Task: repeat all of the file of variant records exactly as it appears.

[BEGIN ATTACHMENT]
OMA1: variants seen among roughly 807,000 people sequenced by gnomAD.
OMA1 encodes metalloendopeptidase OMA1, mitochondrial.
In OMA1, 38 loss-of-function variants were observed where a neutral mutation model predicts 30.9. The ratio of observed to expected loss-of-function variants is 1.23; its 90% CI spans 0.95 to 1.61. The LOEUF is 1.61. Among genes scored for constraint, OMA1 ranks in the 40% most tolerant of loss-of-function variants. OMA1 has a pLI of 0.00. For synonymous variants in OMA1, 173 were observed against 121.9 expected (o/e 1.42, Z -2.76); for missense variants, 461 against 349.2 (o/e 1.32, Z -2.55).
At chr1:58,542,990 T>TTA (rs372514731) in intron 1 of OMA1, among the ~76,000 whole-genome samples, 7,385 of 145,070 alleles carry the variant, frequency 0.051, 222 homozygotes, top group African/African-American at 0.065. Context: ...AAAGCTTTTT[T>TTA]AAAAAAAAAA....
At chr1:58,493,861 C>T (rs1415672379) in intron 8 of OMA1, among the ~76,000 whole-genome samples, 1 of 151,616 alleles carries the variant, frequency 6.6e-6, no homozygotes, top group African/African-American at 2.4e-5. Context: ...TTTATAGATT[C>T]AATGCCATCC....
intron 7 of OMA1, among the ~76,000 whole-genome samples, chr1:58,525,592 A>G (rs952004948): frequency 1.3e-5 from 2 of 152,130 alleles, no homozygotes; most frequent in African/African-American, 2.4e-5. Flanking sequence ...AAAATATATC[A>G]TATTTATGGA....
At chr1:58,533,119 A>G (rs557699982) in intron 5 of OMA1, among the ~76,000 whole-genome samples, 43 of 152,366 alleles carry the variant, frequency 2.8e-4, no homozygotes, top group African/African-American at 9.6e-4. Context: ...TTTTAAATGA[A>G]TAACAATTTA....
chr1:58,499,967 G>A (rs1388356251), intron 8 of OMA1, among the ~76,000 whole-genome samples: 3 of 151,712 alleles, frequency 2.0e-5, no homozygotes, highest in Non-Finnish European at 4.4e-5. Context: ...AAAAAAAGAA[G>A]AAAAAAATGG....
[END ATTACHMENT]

OMA1: variants seen among roughly 807,000 people sequenced by gnomAD.
OMA1 encodes metalloendopeptidase OMA1, mitochondrial.
In OMA1, 38 loss-of-function variants were observed where a neutral mutation model predicts 30.9. The ratio of observed to expected loss-of-function variants is 1.23; its 90% CI spans 0.95 to 1.61. The LOEUF is 1.61. Among genes scored for constraint, OMA1 ranks in the 40% most tolerant of loss-of-function variants. OMA1 has a pLI of 0.00. For synonymous variants in OMA1, 173 were observed against 121.9 expected (o/e 1.42, Z -2.76); for missense variants, 461 against 349.2 (o/e 1.32, Z -2.55).
At chr1:58,542,990 T>TTA (rs372514731) in intron 1 of OMA1, among the ~76,000 whole-genome samples, 7,385 of 145,070 alleles carry the variant, frequency 0.051, 222 homozygotes, top group African/African-American at 0.065. Context: ...AAAGCTTTTT[T>TTA]AAAAAAAAAA....
At chr1:58,493,861 C>T (rs1415672379) in intron 8 of OMA1, among the ~76,000 whole-genome samples, 1 of 151,616 alleles carries the variant, frequency 6.6e-6, no homozygotes, top group African/African-American at 2.4e-5. Context: ...TTTATAGATT[C>T]AATGCCATCC....
intron 7 of OMA1, among the ~76,000 whole-genome samples, chr1:58,525,592 A>G (rs952004948): frequency 1.3e-5 from 2 of 152,130 alleles, no homozygotes; most frequent in African/African-American, 2.4e-5. Flanking sequence ...AAAATATATC[A>G]TATTTATGGA....
At chr1:58,533,119 A>G (rs557699982) in intron 5 of OMA1, among the ~76,000 whole-genome samples, 43 of 152,366 alleles carry the variant, frequency 2.8e-4, no homozygotes, top group African/African-American at 9.6e-4. Context: ...TTTTAAATGA[A>G]TAACAATTTA....
chr1:58,499,967 G>A (rs1388356251), intron 8 of OMA1, among the ~76,000 whole-genome samples: 3 of 151,712 alleles, frequency 2.0e-5, no homozygotes, highest in Non-Finnish European at 4.4e-5. Context: ...AAAAAAAGAA[G>A]AAAAAAATGG....